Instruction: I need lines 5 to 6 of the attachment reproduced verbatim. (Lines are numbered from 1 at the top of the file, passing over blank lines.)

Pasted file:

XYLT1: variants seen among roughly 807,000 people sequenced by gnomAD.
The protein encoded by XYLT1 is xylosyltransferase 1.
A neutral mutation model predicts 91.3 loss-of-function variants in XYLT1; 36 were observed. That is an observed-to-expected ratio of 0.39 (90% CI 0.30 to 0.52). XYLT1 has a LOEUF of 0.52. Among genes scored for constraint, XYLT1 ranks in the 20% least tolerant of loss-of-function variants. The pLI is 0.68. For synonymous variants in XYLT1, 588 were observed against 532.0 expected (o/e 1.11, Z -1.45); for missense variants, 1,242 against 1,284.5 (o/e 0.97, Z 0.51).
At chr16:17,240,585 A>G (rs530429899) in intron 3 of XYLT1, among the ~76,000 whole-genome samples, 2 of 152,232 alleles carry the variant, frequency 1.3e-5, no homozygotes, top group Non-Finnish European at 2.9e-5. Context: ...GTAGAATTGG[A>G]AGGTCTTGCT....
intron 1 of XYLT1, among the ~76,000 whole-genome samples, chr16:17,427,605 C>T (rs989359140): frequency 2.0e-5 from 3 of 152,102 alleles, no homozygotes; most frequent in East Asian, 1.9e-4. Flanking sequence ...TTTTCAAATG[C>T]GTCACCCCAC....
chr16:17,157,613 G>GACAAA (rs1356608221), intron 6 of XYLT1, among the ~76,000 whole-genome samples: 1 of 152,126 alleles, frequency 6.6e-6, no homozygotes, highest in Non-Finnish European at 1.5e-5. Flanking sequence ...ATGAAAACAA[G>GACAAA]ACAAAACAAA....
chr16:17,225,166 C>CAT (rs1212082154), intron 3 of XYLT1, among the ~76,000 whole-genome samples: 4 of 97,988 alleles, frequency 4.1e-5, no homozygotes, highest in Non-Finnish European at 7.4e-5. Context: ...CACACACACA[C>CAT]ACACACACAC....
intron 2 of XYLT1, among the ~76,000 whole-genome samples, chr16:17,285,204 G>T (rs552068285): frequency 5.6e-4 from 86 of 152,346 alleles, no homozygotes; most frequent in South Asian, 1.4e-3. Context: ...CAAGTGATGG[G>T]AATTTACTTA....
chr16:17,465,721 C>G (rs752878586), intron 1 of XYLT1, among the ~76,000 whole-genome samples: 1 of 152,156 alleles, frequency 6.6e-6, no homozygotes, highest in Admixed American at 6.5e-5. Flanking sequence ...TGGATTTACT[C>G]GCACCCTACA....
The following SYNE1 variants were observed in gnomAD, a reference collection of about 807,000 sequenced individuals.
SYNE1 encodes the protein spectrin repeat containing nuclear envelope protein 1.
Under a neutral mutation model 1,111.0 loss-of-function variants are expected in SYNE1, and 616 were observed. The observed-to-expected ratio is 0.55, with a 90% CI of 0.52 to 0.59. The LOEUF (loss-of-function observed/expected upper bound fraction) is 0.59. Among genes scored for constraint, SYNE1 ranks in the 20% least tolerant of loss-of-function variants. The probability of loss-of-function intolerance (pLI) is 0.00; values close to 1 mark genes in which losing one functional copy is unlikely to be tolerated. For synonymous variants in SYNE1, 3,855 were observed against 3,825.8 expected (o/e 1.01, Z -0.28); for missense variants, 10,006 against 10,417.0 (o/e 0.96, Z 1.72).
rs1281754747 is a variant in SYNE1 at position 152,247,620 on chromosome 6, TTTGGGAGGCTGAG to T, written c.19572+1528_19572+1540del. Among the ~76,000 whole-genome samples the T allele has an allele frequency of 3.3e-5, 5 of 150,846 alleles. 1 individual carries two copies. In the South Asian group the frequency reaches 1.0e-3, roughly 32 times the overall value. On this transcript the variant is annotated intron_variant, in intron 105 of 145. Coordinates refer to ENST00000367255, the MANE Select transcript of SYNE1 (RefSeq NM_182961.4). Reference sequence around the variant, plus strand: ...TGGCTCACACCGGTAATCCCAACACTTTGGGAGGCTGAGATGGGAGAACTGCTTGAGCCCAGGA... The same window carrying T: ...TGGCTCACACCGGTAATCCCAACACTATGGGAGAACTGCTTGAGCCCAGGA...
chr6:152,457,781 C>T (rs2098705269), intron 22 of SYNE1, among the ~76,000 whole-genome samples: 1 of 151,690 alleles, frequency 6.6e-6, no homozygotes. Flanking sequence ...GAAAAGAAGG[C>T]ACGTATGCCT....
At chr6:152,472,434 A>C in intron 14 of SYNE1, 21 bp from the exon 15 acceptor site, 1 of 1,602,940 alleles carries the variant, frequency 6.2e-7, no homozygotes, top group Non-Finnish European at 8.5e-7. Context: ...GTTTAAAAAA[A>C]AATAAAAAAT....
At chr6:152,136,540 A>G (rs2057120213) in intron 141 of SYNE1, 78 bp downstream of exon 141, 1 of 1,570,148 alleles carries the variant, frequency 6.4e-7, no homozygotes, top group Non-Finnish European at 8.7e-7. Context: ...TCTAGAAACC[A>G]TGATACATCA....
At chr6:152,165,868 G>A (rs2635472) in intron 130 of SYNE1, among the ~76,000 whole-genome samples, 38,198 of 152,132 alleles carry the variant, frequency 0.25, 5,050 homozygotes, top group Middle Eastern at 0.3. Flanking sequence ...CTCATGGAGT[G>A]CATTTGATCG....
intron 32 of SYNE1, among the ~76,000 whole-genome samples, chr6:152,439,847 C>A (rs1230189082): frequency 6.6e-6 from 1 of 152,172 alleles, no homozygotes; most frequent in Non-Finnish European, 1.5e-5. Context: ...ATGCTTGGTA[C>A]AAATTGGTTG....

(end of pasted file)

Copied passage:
intron 1 of XYLT1, among the ~76,000 whole-genome samples, chr16:17,427,605 C>T (rs989359140): frequency 2.0e-5 from 3 of 152,102 alleles, no homozygotes; most frequent in East Asian, 1.9e-4. Flanking sequence ...TTTTCAAATG[C>T]GTCACCCCAC....
chr16:17,157,613 G>GACAAA (rs1356608221), intron 6 of XYLT1, among the ~76,000 whole-genome samples: 1 of 152,126 alleles, frequency 6.6e-6, no homozygotes, highest in Non-Finnish European at 1.5e-5. Flanking sequence ...ATGAAAACAA[G>GACAAA]ACAAAACAAA....